Preparing for the Combine: The D1 Way

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NASHVILLE, Tenn. – The NFL Scouting Combine is a daunting task for NFL prospects. This week, 300-plus NFL hopefuls descend upon Indianapolis and Lucas Oil Stadium to try and impress NFL front offices from each of the league's 32 teams.

D1 Sports Training in Franklin, Tenn. has a six-week Combine University training program to help get athletes prepared to show out this week. The VIP treatment includes elite facilities, a full meal plan, physical therapy and daily workouts. D1's top-dollar program spares no expense in providing draft prospects the best chance to make it as a professional football player.

Jimmy Graham, TJ Lang, Tim Tebow, and DeAngelo Williams are some of the more prominent names to come through D1's combine prep program.

Duke quarterback Anthony Boone and Alabama/Colorado State running back Dee Hart are the two D1 Nashville prospects who have received invitation to the combine. Boone was a three-year starter with the Blue Devils, throwing for 5,789 career passing yards and 38 touchdowns. Hart played his first two seasons at Alabama before transferring to Colorado State. In his only season with the Rams, Hart put up 1,275 rushing yards and 18 total touchdowns.

The program is led by Dario Camacho, a former Purdue Boilermaker who has been training athletes with D1 since 2006.

The focus of D1's Combine University is to improve a player's speed and technique in regards to the measurable drills at the combine (40-yard dash, shuttle run, etc.). Players will workout six days a week with a speed component and a weight lifting component build into each day.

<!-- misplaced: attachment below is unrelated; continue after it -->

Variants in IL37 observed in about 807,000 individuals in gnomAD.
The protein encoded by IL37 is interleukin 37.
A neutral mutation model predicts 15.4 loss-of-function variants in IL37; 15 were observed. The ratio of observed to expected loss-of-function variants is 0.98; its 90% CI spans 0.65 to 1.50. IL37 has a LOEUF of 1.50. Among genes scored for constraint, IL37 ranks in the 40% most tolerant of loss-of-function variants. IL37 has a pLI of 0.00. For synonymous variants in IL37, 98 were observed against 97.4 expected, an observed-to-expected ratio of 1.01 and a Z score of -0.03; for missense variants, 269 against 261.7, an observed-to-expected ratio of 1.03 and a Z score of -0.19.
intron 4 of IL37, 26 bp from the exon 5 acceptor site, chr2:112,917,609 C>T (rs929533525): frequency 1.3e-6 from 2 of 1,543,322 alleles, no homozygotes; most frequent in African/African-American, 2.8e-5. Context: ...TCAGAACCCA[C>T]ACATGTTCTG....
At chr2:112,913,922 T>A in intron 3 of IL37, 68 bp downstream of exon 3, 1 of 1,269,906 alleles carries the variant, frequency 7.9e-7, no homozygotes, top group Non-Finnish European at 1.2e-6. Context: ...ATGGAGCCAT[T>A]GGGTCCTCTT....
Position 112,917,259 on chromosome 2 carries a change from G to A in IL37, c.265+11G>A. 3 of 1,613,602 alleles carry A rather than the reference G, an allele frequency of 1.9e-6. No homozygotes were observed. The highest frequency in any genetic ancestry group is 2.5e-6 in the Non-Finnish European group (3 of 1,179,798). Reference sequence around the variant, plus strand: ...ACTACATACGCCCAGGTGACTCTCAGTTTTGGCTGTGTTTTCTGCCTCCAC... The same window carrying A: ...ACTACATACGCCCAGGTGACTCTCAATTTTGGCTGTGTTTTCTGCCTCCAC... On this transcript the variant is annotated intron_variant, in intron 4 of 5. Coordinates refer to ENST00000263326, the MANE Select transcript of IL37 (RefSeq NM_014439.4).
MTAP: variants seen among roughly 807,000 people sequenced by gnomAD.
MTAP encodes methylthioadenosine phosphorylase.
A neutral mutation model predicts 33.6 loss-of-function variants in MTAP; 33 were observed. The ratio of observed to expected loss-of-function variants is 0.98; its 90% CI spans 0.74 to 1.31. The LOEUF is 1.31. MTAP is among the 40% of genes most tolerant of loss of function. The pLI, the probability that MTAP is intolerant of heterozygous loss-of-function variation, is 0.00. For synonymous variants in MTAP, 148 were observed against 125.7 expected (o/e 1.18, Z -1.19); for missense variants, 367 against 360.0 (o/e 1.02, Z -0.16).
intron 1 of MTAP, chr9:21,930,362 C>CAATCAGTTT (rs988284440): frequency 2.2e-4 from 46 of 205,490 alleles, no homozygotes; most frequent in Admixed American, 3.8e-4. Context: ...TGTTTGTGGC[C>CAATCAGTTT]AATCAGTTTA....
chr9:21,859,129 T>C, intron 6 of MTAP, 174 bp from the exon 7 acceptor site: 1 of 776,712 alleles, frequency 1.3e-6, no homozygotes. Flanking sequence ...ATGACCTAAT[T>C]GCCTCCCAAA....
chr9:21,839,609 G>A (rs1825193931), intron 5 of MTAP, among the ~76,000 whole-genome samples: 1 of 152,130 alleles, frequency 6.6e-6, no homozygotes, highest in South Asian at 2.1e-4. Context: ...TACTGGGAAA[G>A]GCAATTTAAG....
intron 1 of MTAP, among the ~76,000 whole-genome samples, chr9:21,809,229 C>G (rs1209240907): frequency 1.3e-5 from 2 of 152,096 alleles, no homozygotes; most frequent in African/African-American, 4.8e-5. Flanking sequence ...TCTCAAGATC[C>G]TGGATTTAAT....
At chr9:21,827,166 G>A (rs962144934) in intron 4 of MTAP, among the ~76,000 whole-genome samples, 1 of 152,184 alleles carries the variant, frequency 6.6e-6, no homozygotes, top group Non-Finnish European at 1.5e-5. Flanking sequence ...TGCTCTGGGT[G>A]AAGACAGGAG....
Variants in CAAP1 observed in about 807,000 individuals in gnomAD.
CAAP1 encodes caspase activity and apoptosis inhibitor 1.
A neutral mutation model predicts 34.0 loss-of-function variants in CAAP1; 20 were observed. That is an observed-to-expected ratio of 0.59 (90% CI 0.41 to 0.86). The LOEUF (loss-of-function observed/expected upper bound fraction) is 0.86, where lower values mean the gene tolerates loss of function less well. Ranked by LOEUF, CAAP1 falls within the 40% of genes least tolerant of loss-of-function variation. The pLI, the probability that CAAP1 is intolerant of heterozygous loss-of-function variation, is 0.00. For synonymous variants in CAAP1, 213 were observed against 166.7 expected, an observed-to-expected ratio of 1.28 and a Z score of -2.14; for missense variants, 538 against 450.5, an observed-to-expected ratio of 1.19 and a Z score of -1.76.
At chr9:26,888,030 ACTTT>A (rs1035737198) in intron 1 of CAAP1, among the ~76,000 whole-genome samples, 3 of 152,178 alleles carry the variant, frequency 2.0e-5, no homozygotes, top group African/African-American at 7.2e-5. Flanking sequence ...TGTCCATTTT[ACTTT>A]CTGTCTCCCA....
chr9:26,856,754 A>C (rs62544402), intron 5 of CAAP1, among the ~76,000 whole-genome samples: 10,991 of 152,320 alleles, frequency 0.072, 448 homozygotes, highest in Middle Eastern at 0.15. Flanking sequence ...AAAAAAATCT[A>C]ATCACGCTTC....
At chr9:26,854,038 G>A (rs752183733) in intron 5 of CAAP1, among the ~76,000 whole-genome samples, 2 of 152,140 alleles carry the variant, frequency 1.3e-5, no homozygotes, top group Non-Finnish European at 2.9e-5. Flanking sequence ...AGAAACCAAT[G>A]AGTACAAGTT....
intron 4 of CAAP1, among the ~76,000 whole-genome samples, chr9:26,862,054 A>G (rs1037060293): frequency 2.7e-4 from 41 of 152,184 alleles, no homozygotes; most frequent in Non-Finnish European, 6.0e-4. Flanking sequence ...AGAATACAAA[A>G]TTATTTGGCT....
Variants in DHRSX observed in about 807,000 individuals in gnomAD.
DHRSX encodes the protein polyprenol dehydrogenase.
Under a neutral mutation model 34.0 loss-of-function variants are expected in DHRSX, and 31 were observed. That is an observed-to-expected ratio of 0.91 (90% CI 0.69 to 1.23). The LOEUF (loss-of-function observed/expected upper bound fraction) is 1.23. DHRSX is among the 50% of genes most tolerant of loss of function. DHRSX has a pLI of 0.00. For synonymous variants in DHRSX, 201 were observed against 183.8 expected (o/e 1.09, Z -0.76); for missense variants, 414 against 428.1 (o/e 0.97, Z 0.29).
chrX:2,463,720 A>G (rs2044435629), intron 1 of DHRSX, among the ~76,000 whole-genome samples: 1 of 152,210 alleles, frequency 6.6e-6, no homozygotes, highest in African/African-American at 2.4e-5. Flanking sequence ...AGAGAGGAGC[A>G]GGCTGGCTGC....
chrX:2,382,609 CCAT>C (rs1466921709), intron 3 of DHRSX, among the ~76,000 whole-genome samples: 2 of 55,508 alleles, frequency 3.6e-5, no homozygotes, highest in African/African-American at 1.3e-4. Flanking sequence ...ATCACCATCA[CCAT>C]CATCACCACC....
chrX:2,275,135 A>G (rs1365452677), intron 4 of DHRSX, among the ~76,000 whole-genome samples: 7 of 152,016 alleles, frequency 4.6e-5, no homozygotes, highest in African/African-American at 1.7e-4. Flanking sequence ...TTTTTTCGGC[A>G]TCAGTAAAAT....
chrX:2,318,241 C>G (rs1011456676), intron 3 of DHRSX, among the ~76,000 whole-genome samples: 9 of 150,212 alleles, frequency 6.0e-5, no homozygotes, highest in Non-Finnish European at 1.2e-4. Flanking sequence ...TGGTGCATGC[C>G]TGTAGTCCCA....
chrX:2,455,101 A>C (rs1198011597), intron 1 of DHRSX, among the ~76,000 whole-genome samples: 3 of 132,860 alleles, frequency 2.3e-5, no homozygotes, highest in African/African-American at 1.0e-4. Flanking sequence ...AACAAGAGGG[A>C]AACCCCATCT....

Monday is a linear upper body day. Tuesday is for agility and lower body explosiveness. Wednesday is a stretch recovery day with massage therapy. Thursday is another linear day. Friday is back to agility with a light weight lifting portion. Saturday is an upper body pump followed by a pool recovery.

In addition, players go through position-specific football drills on Tuesdays and Fridays. Those workouts are geared specifically to the position drills they will be going through with NFL coaches at the combine.

At the onset of the program, each player is tested in all six measureable drills at the combine: the 40-yard dash, broad jump, vertical jump, shuttle run, three-cone drill and bench press at 225-pounds. The players are then tested at the mid point of the program, their last measurements before the combine itself.

Six weeks of intense preparation, all for one set of workouts among 300 peers and in front of thousands of scrutinizing sets of eyes. The high-pressure nature of the combine makes a player's mental toughness just as important as their athletic ability.

"I would say 85 percent of it is mental," Camacho said. "It affects their breathing pattern, everything. When guys get frustrated, they break down a bit. I've seen one mistake ruin a guy's entire day. A lot of guys ride their whole careers on this event."

Both Boone and Hart said the 40-yard dash is the easiest drill, calling it the "God-Gifted" drill. You're either fast, or you're not. You were either born with fast-twitch muscles, or you weren't.

The other two speed drills – the three-cone drill (or "L drill) and the shuttle – are much more specific. Each requires a specific number of steps, not dissimilar to dance choreography, in order to complete the drills in the fastest possible time. That requires laser focus.

"The combine is all about steps and measurements," said Camacho. "There is no reaction where the line is going to move. After the first three to four weeks, the guys are starting to get their steps and foot placement down. Then it's all about repetition, getting comfortable with it and not thinking about it."

Boone said some of the best advice he's gotten is that he's been playing football his whole life. Sure, some of the drills are new, but it's a part of the game he loves and has been playing for years.

Hart's words of wisdom were that he only has to impress one team, not all 32.

Camacho's players aren't highly touted entering the combine. Neither Boone nor Hart are currently ranked in Mel Kiper's top 10 at their respective positions. CBS Sports ranks Boone as the 16th quarterback of the draft class. They have Hart as the 25th ranked running back.

The rankings don't sway Camacho's confidence in his guys.

"The numbers don't lie," he said. "If they go out and perform then they'll see themselves climb the draft boards. You don't get invited to Indianapolis for nothing. Whether you're projected as a first-round guy or a seventh-round guy, you don't get invited if you're a nobody."

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